Saturday, 28 January 2012

Review: House of Chains by Steven Erikson

Title: House of Chains
By: Steven Erikson
Edition: Mass Market Paperback

In Northern Genabackis, just before the events recounted in GARDENS OF THE MOON, a raiding party of savage tribal warriors descends from the mountains into the southern flat lands. Their intention is to wreak havoc among the despised lowlanders, but for the one named Karsa Orlong it marks the beginning of what will prove an extraordinary destiny.

Some years later, it is the aftermath of the Chain of Dogs. Coltaine, revered commander of the Malazan 7th Army is dead. And now Tavore, elder sister of Ganoes Paran and Adjunct to the Empress, has arrived in the last remaining Malazan stronghold of the Seven Cities to take charge. Untested and new to command, she must hone a small army of twelve thousand soldiers, mostly raw recruits, into a viable fighting force and lead them into battle against the massed hordes of Sha'ik's Whirlwind. Her only hope lies in resurrecting the shattered faith of the few remaining survivors from Coltaine's legendary march, veterans one and all.

In distant Raraku, in the heart of the Holy Desert, the seer Sha'ik waits with her rebel army. But waiting is never easy. Her disparate collection of warlords - tribal chiefs, High Mages, a renegade Malazan Fist and his sorceror - is locked in a vicious power struggle that threatens to tear the rebellion apart from within. And Sha'ik herself suffers, haunted by the private knowledge of her nemesis, Tavore...her own sister.

It has taken me a long time to read this book. Not because I didn't enjoy it and not because the story didn't grip me. It's just that other things seem to have come between me and House of Chains. For instance, I got a brand-new Kindle for Christmas and have been busy falling in love with this and all the brilliant stories I’ve discovered. But last night I curled up with House of Chains and managed to finish it. I have to say, even though I love my Kindle, there is still nothing that beats curling up on the couch with a good paperback.

House of Chains is the fourth instalment of Eriksson's mammoth epic fantasy series, The Malazan Book of the Fallen. We return to many of the characters that we met in the second book, Deadhouse Gates, and in essence the story is the culmination of the rebellion on the continent of Seven Cities and the final showdown between the sisters Felisin and Tavore. But we meet many new characters as well. The best of these has to be Karsa Orlong who is your classic, sword wielding barbarian. He's not very nice but he's still one of the best characters in the book. How is it possible to like a character who is essentially a rapist and murderer? I don't know, but that attests to Erikson's skill in creating his characters.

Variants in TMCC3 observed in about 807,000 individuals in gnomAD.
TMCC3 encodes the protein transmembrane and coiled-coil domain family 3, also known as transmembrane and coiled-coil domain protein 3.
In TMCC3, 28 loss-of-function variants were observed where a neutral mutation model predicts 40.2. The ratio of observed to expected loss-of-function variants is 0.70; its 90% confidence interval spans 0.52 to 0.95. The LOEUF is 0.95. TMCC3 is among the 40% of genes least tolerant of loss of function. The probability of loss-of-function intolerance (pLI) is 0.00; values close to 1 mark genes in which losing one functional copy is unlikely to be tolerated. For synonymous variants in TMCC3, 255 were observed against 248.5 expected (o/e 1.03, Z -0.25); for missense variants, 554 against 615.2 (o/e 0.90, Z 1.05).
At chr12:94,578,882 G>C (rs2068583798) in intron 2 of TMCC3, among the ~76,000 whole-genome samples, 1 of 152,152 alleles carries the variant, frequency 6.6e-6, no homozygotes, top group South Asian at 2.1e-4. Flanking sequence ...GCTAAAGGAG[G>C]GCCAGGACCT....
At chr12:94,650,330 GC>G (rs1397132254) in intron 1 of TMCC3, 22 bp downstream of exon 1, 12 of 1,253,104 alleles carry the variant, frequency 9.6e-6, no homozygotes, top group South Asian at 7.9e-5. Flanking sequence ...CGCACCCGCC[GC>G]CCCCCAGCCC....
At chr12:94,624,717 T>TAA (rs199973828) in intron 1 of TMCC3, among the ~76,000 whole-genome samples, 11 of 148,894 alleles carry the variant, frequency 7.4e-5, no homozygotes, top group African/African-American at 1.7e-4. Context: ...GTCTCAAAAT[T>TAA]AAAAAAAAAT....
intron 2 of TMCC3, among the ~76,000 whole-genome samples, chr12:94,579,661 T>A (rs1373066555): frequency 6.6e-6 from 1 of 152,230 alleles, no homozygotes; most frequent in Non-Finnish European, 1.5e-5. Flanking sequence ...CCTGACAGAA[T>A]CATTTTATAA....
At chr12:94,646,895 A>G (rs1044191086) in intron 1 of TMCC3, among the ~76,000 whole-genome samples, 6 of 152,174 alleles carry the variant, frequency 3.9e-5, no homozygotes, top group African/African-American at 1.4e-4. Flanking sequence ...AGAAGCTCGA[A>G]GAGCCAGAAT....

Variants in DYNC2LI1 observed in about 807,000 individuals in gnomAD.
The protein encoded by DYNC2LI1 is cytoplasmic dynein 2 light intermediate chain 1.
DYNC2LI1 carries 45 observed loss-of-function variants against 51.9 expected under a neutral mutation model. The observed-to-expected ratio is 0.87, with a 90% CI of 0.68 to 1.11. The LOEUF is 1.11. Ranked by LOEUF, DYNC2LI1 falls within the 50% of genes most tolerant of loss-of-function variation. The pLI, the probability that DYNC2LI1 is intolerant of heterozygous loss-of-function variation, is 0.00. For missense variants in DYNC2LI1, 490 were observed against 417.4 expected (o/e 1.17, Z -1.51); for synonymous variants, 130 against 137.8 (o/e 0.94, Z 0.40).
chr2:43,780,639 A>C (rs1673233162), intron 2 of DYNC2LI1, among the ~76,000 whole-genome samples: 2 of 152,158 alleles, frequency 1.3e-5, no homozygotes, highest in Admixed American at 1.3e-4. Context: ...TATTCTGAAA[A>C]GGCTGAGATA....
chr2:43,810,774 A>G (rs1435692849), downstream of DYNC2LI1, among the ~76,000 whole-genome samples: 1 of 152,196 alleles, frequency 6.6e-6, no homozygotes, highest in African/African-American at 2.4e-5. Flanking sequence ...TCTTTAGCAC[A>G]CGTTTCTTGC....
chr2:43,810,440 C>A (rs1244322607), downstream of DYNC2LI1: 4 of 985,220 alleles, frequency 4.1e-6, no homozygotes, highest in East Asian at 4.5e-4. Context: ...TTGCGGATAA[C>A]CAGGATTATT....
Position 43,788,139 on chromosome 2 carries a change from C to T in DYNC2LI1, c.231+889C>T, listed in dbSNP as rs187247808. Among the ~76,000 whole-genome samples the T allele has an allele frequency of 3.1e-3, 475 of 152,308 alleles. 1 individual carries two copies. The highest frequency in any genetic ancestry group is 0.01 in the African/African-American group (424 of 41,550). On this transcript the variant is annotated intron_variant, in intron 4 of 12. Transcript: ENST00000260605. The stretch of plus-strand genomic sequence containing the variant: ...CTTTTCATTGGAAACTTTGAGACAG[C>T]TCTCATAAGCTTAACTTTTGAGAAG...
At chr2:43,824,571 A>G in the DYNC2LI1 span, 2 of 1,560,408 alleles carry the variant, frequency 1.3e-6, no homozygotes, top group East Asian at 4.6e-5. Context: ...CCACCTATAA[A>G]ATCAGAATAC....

As always, the story is complex and the reader is left to work out a lot for themselves. The characters often make obscure remarks to each other that the reader doesn't get and that are important in revealing plot points later in the story. As things were revealed throughout the book I often found myself skipping back to an earlier spot and thinking, “Oh right that's what he meant when he said that. Now I get it.” That's Erikson's style. It might not suit some, but I really like it.

In this story there's lots of fighting, killing, nasty gods and even nastier humans. But there's also humour, camaraderie and sizzling dialogue. The culmination of the story, where Felisin finally meets her sister, is very poignant and moving. If you like complex narrative, with a stunning array of characters and lots of epic action, this fantasy is for you.

I give it four bookworms.


  1. I'm always in the mood for an epic fantasy. Especially one that makes you think.

  2. Hi Jenny, I agree, nothing like an epic fantasy for escapism is there?


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